How to care for an infant’s or toddler’s mouth

    Proper use of fluoride

    Oral habits, including finger and thumb sucking

    How to prevent trauma to your child’s mouth

    The dentist will be able to answer any questions you have and try to make you and your child feel comfortable throughout the checkup. Short, successive visits are meant to build the child’s trust in the dentist and the dental office, and can prove invaluable if your child needs to be treated later for any dental problem.

    Dental exams and proper care at home are the keys to ensuring pearly whites throughout childhood. Bringing your child to the dentist early and often leads to a lifetime of good oral care habits and acclimates your child to the dental office, thereby reducing anxiety and fear, which will make for plenty of stress-free visits in the future. Most experts recommend that children see the dentist about every six months so don’t forget to schedule your child’s second appointment on your way out the door!

    Sources: Parents.com, KnowYourTeeth.com, Colgate.com, DeltaDentalIns.com

     

     

     

     

     

     

     

     

     

    • 10 JUN 15
    • 0

    Mouth Problems You Shouldn’t Ignore

    Go See Your Dentist Before These Signs Become Serious

    Whether it’s traces of crimson on your toothbrush or that nagging sensitivity that seems never to go away, it’s easy to neglect your oral health. Persistent tooth or mouth pain generally indicates a serious problem. Symptoms could include a tooth sensitive to touch or changes in your gums. Keep in mind that even if the pain does go away after a day or two, you could still have a problem and should see your dentist.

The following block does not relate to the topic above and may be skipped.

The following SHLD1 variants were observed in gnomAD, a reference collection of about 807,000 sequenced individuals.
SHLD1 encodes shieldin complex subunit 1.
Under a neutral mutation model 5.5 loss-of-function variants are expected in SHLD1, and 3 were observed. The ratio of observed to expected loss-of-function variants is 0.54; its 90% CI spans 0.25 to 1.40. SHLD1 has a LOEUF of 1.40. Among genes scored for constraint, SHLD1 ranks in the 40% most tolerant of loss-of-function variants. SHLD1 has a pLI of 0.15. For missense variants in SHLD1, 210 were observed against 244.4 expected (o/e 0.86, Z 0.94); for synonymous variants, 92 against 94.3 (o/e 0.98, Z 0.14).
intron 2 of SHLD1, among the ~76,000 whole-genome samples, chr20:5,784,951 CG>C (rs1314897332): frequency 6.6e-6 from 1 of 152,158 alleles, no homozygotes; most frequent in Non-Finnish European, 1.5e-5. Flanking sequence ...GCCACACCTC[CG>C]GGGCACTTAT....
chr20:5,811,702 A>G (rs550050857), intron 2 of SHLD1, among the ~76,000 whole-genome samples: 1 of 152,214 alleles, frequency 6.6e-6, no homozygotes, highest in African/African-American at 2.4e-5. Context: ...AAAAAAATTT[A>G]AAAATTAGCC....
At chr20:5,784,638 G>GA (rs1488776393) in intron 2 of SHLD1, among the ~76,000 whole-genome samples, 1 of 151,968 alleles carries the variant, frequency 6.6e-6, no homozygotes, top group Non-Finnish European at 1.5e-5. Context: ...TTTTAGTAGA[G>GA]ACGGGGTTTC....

iStock_000035729244Large  mouth painTake the time while cleaning your teeth to look at your cheeks, your tongue and underneath your tongue to spot any changes. Basically, you’re checking for anything that wasn’t there before. Any changes of color, such as white or red patches that aren’t going away and are getting bigger, or lumps that have formed in places which previously were smooth, should be investigated.

     

    Bad Breath

    Everyone experiences stinky breath, but brushing and flossing (including brushing your tongue) should nip bad breath in the bud. What about when it doesn’t? It could be a sign of advanced gum disease, so it’s important to talk to your dentist before this oral condition ruins perfectly healthy teeth.

    Most of the time, however, the biggest bad-breath culprit is your diet. Onion, garlic, and pungent spices will produce mouth odor for hours after consumption.

     

    Swollen or Receding Gums

    Swollen gums are a sign of gum disease. Even if you believe you have healthy teeth, swollen gums absolutely require a visit to the dentist. Your dentist or dental hygienist will be able to tell right away if you have gum disease — but you can check for swollen gums yourself by drying your gums with a napkin or a tissue and looking in the mirror. Although your swollen gums may feel fine, if they tend to bleed during brushing, they are a sign you should see your dentist right away.

     

    Eroded Enamel